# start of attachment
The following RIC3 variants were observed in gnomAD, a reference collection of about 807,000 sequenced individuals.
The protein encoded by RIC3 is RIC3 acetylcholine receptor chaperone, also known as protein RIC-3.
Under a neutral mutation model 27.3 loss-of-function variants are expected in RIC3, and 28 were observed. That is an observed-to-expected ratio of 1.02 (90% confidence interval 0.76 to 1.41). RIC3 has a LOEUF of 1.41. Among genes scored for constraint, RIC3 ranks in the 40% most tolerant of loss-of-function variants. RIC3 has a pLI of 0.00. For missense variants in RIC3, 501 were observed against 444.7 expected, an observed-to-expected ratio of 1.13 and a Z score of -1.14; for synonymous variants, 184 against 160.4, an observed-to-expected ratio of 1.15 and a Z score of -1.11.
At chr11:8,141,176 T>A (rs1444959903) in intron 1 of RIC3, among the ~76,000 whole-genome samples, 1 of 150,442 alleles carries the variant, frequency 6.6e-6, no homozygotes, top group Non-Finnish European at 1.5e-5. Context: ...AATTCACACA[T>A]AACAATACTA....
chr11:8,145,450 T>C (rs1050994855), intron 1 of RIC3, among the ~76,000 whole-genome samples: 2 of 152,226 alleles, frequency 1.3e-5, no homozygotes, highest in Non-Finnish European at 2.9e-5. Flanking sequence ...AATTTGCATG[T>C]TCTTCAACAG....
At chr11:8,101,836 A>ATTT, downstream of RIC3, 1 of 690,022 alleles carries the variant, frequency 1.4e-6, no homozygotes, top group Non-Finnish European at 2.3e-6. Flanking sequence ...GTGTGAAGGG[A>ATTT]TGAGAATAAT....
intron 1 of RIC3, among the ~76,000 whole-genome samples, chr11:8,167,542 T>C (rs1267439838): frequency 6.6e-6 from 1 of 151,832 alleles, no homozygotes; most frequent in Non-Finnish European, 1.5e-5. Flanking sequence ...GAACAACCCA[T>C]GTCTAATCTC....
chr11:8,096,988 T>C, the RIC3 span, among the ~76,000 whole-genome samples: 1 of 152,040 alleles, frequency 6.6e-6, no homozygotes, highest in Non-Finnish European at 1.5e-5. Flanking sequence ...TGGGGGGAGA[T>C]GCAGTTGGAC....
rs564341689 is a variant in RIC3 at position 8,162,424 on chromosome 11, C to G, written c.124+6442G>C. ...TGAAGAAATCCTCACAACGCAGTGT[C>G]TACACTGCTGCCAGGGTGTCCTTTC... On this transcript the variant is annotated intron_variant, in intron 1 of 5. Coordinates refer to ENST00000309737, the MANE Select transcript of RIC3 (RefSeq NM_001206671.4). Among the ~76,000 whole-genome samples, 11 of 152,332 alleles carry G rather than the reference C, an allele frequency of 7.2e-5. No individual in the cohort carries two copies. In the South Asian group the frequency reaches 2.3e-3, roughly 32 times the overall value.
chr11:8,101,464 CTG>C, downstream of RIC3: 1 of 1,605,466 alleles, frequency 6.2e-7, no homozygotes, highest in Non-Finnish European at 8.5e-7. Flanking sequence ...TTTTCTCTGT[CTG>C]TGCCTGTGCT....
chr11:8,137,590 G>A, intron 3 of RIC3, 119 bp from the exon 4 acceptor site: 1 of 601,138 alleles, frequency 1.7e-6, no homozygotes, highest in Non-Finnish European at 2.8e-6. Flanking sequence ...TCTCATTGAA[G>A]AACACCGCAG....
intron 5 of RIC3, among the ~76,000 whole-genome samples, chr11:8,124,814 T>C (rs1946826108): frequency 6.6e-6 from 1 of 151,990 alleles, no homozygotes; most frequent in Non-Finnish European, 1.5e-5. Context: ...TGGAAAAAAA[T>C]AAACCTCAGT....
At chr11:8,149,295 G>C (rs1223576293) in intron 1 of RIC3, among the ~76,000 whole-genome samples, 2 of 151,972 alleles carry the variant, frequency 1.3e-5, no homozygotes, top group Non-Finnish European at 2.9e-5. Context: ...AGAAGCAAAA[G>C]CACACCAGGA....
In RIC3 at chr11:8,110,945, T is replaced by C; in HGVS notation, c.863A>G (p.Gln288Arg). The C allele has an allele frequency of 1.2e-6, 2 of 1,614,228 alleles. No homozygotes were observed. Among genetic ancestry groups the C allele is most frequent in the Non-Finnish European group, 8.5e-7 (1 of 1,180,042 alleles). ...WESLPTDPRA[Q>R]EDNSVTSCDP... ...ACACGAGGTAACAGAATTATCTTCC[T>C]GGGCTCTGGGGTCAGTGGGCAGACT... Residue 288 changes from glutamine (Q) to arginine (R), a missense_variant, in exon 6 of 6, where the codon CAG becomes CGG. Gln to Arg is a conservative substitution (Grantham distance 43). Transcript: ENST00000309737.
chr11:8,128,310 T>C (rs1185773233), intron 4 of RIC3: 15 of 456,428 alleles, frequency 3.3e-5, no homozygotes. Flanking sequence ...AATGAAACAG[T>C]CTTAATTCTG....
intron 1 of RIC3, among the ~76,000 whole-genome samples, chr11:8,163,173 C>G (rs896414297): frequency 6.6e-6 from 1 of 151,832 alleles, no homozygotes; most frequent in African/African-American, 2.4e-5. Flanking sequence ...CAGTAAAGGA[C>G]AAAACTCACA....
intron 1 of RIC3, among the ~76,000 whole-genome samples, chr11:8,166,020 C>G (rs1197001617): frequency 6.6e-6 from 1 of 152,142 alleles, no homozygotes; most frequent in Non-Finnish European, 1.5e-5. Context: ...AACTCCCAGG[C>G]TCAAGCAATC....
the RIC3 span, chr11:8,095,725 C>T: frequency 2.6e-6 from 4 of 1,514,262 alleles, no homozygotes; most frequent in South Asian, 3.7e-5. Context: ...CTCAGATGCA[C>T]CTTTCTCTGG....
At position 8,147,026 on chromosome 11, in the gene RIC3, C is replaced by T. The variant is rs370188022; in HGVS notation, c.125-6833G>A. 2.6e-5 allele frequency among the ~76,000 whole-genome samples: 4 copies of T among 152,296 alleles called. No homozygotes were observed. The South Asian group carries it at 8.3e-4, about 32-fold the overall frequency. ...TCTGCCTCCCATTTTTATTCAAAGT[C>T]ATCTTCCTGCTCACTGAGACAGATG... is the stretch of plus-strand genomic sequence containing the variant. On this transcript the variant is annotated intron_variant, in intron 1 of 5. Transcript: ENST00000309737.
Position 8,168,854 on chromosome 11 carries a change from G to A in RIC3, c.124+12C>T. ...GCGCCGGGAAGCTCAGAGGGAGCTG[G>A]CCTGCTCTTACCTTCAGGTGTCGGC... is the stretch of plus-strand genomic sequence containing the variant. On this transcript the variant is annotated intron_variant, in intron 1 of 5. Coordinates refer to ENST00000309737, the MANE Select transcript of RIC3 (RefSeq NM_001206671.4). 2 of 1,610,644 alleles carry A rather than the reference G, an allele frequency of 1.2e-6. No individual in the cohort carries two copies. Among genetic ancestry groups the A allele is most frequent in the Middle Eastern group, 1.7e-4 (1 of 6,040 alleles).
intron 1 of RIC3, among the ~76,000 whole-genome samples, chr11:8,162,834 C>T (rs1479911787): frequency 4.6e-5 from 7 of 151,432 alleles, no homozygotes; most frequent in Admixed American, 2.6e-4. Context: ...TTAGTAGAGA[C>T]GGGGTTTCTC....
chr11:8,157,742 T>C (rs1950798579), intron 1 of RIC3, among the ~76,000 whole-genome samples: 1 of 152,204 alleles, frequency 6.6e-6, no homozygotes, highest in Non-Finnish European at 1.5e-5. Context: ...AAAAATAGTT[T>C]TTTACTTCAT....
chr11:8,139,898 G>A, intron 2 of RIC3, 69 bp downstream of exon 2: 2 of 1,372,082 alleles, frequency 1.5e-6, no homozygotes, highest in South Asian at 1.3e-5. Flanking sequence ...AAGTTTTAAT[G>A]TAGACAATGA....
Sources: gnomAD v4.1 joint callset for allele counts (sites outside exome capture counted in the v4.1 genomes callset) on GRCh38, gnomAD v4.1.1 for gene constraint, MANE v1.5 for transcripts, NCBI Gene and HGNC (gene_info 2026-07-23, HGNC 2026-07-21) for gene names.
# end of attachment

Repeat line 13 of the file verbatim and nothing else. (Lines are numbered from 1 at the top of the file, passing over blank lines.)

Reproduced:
At chr11:8,149,295 G>C (rs1223576293) in intron 1 of RIC3, among the ~76,000 whole-genome samples, 2 of 151,972 alleles carry the variant, frequency 1.3e-5, no homozygotes, top group Non-Finnish European at 2.9e-5. Context: ...AGAAGCAAAA[G>C]CACACCAGGA....